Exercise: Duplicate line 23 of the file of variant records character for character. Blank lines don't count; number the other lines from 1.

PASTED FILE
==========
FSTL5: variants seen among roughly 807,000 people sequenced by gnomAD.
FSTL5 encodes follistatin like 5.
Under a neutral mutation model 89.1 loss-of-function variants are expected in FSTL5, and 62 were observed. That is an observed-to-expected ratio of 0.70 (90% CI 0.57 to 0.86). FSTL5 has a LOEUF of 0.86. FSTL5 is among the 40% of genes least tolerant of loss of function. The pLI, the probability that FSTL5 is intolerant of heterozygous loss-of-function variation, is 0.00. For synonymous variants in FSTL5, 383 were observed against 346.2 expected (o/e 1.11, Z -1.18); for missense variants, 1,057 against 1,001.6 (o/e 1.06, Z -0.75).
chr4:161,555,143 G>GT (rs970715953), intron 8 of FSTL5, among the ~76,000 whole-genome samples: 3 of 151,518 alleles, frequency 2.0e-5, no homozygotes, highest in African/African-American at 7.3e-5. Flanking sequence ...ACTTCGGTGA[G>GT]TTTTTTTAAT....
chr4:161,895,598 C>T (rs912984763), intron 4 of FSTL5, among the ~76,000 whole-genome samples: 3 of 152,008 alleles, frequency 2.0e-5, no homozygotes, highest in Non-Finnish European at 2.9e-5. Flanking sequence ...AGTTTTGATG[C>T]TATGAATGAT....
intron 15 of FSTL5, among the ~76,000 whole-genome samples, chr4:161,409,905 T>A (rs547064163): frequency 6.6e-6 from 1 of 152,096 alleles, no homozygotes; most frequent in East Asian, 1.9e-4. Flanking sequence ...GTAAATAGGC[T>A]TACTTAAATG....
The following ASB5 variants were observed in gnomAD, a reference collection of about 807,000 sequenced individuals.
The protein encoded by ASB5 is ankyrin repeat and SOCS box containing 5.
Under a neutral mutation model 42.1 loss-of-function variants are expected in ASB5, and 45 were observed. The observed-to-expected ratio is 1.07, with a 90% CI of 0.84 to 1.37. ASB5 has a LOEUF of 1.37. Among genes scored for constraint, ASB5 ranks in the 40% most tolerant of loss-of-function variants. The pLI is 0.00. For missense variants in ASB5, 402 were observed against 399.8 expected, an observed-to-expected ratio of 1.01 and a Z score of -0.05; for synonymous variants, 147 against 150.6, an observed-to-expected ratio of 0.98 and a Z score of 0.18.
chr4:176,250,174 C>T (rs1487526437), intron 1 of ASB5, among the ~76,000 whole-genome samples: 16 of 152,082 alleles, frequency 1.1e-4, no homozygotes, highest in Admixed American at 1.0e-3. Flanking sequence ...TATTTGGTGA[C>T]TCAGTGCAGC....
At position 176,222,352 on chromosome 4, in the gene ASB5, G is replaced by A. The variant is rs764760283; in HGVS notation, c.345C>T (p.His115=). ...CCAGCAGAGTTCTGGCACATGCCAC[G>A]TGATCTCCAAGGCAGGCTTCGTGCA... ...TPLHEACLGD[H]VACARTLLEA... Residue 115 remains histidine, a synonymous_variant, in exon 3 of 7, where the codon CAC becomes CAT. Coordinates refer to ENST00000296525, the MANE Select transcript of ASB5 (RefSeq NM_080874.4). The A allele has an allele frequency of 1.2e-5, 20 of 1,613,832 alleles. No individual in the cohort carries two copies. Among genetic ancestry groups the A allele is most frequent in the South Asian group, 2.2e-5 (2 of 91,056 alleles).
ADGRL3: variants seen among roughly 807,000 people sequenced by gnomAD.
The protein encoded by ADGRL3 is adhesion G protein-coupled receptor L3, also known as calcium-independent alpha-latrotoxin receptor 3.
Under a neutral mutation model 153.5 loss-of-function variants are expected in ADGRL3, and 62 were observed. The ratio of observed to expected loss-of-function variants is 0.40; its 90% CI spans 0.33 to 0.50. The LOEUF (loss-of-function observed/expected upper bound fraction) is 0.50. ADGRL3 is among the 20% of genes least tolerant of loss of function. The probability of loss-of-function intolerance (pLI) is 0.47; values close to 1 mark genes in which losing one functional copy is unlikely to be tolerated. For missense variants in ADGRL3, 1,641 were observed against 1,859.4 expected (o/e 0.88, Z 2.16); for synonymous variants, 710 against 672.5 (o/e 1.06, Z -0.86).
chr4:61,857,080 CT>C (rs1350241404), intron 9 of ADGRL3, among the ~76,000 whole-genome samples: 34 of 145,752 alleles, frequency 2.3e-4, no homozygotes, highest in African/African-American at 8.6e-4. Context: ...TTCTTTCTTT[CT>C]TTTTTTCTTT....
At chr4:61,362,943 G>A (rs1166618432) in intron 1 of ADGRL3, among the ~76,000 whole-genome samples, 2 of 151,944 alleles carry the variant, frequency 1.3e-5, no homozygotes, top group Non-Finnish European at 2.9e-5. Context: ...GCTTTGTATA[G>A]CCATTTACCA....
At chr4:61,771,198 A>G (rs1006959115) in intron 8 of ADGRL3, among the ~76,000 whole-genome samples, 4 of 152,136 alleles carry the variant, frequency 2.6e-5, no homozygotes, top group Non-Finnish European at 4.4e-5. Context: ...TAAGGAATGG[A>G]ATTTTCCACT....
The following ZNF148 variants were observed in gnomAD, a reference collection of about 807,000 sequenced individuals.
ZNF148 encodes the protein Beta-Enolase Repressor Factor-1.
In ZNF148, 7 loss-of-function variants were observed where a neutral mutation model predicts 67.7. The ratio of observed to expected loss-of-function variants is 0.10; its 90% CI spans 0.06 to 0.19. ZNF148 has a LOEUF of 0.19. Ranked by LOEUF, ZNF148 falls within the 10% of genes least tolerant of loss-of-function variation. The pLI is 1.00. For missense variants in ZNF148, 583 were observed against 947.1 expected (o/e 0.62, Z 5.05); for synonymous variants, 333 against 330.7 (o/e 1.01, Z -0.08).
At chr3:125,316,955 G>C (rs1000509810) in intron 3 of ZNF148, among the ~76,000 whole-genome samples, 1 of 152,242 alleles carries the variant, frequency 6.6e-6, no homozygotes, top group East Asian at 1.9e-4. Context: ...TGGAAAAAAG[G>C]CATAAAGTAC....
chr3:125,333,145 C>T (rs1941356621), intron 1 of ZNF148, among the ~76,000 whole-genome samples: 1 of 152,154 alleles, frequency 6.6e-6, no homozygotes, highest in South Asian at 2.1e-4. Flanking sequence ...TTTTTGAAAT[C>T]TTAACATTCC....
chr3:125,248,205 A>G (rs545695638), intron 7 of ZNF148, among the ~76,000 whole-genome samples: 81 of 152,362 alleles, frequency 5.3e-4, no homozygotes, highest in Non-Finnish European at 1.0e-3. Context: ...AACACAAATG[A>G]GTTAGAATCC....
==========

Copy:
chr3:125,248,205 A>G (rs545695638), intron 7 of ZNF148, among the ~76,000 whole-genome samples: 81 of 152,362 alleles, frequency 5.3e-4, no homozygotes, highest in Non-Finnish European at 1.0e-3. Context: ...AACACAAATG[A>G]GTTAGAATCC....